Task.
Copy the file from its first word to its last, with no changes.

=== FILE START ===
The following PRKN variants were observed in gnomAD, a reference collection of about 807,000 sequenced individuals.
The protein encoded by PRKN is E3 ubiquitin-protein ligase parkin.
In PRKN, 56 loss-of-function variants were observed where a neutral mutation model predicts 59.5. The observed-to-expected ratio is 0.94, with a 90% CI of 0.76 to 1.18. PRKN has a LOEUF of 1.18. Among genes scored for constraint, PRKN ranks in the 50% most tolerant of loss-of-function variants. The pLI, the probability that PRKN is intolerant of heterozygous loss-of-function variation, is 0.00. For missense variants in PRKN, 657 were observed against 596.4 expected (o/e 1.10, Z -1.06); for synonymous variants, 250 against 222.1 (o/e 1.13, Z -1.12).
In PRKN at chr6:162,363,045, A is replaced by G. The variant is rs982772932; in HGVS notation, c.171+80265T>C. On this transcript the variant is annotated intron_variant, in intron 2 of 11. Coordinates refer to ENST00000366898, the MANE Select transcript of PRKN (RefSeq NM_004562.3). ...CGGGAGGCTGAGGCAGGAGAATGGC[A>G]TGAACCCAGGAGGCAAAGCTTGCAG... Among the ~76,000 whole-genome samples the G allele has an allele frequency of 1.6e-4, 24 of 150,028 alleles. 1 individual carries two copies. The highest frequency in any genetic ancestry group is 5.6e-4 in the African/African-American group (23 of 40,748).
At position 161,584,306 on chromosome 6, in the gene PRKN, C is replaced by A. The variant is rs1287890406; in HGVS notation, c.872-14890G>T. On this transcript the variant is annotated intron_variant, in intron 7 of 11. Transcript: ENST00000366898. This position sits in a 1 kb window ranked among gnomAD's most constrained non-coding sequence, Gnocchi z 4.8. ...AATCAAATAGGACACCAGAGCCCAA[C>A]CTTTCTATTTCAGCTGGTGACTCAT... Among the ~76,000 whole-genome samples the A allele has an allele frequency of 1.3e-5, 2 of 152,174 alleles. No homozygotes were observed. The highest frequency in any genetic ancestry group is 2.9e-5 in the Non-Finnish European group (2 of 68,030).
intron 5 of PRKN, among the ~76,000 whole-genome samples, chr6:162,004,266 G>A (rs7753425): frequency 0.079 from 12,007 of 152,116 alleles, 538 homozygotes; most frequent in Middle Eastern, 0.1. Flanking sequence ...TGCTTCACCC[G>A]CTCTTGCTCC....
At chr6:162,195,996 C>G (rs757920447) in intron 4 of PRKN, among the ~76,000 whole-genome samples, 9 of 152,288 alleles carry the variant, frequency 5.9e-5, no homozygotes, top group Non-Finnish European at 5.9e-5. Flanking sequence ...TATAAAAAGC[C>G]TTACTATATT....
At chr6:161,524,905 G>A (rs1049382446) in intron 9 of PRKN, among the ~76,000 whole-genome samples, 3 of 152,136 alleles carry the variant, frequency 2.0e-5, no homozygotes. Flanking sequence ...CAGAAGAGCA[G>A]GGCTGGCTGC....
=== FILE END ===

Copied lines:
The following PRKN variants were observed in gnomAD, a reference collection of about 807,000 sequenced individuals.
The protein encoded by PRKN is E3 ubiquitin-protein ligase parkin.
In PRKN, 56 loss-of-function variants were observed where a neutral mutation model predicts 59.5. The observed-to-expected ratio is 0.94, with a 90% CI of 0.76 to 1.18. PRKN has a LOEUF of 1.18. Among genes scored for constraint, PRKN ranks in the 50% most tolerant of loss-of-function variants. The pLI, the probability that PRKN is intolerant of heterozygous loss-of-function variation, is 0.00. For missense variants in PRKN, 657 were observed against 596.4 expected (o/e 1.10, Z -1.06); for synonymous variants, 250 against 222.1 (o/e 1.13, Z -1.12).
In PRKN at chr6:162,363,045, A is replaced by G. The variant is rs982772932; in HGVS notation, c.171+80265T>C. On this transcript the variant is annotated intron_variant, in intron 2 of 11. Coordinates refer to ENST00000366898, the MANE Select transcript of PRKN (RefSeq NM_004562.3). ...CGGGAGGCTGAGGCAGGAGAATGGC[A>G]TGAACCCAGGAGGCAAAGCTTGCAG... Among the ~76,000 whole-genome samples the G allele has an allele frequency of 1.6e-4, 24 of 150,028 alleles. 1 individual carries two copies. The highest frequency in any genetic ancestry group is 5.6e-4 in the African/African-American group (23 of 40,748).
At position 161,584,306 on chromosome 6, in the gene PRKN, C is replaced by A. The variant is rs1287890406; in HGVS notation, c.872-14890G>T. On this transcript the variant is annotated intron_variant, in intron 7 of 11. Transcript: ENST00000366898. This position sits in a 1 kb window ranked among gnomAD's most constrained non-coding sequence, Gnocchi z 4.8. ...AATCAAATAGGACACCAGAGCCCAA[C>A]CTTTCTATTTCAGCTGGTGACTCAT... Among the ~76,000 whole-genome samples the A allele has an allele frequency of 1.3e-5, 2 of 152,174 alleles. No homozygotes were observed. The highest frequency in any genetic ancestry group is 2.9e-5 in the Non-Finnish European group (2 of 68,030).
intron 5 of PRKN, among the ~76,000 whole-genome samples, chr6:162,004,266 G>A (rs7753425): frequency 0.079 from 12,007 of 152,116 alleles, 538 homozygotes; most frequent in Middle Eastern, 0.1. Flanking sequence ...TGCTTCACCC[G>A]CTCTTGCTCC....
At chr6:162,195,996 C>G (rs757920447) in intron 4 of PRKN, among the ~76,000 whole-genome samples, 9 of 152,288 alleles carry the variant, frequency 5.9e-5, no homozygotes, top group Non-Finnish European at 5.9e-5. Flanking sequence ...TATAAAAAGC[C>G]TTACTATATT....
At chr6:161,524,905 G>A (rs1049382446) in intron 9 of PRKN, among the ~76,000 whole-genome samples, 3 of 152,136 alleles carry the variant, frequency 2.0e-5, no homozygotes. Flanking sequence ...CAGAAGAGCA[G>A]GGCTGGCTGC....